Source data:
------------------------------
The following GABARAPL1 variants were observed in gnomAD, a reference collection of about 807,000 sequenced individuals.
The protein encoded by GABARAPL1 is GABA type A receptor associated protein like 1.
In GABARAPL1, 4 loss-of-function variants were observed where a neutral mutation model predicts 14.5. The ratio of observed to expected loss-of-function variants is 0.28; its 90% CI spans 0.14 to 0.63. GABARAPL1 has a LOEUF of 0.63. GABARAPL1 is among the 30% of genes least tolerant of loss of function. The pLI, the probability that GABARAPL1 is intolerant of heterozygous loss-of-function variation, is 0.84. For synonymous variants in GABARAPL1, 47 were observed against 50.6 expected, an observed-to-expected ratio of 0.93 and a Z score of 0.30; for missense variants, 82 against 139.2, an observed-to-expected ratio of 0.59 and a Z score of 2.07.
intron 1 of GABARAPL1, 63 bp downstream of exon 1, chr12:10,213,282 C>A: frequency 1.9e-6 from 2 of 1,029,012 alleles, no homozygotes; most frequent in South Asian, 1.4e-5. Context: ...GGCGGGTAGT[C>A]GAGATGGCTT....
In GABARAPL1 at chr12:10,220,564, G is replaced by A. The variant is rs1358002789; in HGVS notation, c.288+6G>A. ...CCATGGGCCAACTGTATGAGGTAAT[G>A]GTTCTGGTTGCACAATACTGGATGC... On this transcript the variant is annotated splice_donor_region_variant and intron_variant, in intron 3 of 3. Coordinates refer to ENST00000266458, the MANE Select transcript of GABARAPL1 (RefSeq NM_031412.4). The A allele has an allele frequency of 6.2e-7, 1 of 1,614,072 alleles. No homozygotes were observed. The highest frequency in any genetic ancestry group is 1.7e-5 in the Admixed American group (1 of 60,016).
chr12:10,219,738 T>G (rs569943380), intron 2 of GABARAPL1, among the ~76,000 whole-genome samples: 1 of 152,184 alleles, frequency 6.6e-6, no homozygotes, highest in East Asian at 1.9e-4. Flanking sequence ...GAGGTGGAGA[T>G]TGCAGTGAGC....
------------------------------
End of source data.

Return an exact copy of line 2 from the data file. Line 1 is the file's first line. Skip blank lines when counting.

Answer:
The protein encoded by GABARAPL1 is GABA type A receptor associated protein like 1.